I've caught several on the sand flats both day and at night. A few skis as well. If there is food there they will be there eating.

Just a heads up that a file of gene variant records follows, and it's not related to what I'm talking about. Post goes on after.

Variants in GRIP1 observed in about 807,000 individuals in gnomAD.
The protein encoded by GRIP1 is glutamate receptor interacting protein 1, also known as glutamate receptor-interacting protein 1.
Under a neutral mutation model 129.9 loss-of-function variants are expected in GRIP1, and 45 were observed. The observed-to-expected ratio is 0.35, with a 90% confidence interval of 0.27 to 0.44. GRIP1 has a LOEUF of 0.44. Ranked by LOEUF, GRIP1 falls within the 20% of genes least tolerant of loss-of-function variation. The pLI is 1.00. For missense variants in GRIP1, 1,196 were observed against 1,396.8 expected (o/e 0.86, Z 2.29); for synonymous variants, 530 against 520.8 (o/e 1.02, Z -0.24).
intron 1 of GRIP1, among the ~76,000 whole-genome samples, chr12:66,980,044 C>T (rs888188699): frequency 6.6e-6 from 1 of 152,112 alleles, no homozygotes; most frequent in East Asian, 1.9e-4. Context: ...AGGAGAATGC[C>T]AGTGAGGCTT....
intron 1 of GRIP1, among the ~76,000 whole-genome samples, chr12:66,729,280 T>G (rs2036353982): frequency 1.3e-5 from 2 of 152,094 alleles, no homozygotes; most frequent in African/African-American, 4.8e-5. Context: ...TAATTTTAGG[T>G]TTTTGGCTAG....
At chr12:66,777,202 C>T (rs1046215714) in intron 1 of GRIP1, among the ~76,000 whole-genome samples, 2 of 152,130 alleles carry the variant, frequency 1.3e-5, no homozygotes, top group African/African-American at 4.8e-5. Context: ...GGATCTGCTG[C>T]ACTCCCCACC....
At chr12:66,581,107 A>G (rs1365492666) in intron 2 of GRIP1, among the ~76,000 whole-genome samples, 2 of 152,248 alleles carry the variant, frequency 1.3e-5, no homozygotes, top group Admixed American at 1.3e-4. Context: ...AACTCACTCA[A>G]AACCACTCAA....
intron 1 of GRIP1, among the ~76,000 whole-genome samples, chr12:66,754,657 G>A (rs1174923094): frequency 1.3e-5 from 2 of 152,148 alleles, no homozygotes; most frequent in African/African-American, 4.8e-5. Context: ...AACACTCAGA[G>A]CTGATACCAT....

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      The Great Lakes Compact Council and the Great Lakes Regional Body are seeking public feedback on draft updates to the procedures for reviewing requests to divert water from the Great Lakes Basin. The compact is federal law that governs the use of water in the Great Lakes watershed. The compact council and regional body are accepting comments through June 21, at 4:30 p.m.  Under the compact, diversions of water out of the Great Lakes-St. Lawrence River Basin are generally prohibited. However, the compact identifies limited circumstances under which diversion may be allowed. In some instances, before a diversion proposal can be approved, it must undergo review by the regional body and may require approval by the compact council. The draft updates are strictly procedural and would not modify the compact’s basic terms. The compact council is composed of the governors of the eight states that border the Great Lakes. The regional body includes the eight governors on the council plus the premiers of Ontario and Quebec. The Minnesota Department of Natural Resources is Gov. Mark Dayton’s delegate to both groups and provides data and water management expertise to assist implementing the compact. The effort to refine the procedures under the compact follows the states’ and provinces’ first experience reviewing a diversion request under the agreement. Reflecting on that experience and feedback from stakeholder groups, the states and provinces concluded that some aspects of the procedures should be clarified or refined. Following discussions with key stakeholders and tribal interests, the states and provinces developed the draft updates that were released for public review May 22. The updates include these changes: Expands opportunities for the public to participate at hearings and public meetings. Acknowledges the special status of First Nations and federally recognized Tribes through separate meetings with them and granting standing to contest compact council decisions. Identifies circumstances under which an additional public comment period would be offered between issuance of the regional body’s declaration of finding and the compact council’s final decision. Essentially, if the compact council views the regional body’s modifications to the applicant’s diversion proposal as substantial, the council would take public comment prior to making its final decision. The existing public comment opportunity prior to the regional body’s deliberations would remain. After considering public input received by June 21, the regional body will revise the draft procedural updates this summer. The compact council will then consider the updates and decide whether some or all of them should be adopted through rulemaking. The draft updates are available at www.glslcompactcouncil.org/PUT-DraftUpdates.aspx. This website includes instructions for sharing feedback. The public input process includes an in-person opportunity to share feedback in Duluth on June 21 at Fitger’s Inn at 10:30 a.m. Documents are also available on the regional body website. Discuss below - to view set the hook here.